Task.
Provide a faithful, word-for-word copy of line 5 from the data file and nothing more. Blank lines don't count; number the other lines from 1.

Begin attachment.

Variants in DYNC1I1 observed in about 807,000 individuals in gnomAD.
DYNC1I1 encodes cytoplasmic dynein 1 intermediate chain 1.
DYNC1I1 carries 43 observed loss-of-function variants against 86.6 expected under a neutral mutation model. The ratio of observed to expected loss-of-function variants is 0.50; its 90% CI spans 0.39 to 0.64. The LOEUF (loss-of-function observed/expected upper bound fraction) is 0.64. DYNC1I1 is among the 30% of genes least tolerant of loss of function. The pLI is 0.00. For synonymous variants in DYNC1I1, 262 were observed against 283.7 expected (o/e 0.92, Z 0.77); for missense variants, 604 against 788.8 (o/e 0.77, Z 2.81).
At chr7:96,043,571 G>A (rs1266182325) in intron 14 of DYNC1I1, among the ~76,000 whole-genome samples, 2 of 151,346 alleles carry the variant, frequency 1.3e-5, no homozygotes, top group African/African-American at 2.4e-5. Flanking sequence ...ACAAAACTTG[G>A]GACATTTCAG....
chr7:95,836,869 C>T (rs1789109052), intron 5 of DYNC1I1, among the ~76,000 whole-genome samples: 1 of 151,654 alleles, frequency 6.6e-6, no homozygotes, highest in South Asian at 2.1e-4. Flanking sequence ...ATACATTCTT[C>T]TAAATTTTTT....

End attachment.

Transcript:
chr7:95,836,869 C>T (rs1789109052), intron 5 of DYNC1I1, among the ~76,000 whole-genome samples: 1 of 151,654 alleles, frequency 6.6e-6, no homozygotes, highest in South Asian at 2.1e-4. Flanking sequence ...ATACATTCTT[C>T]TAAATTTTTT....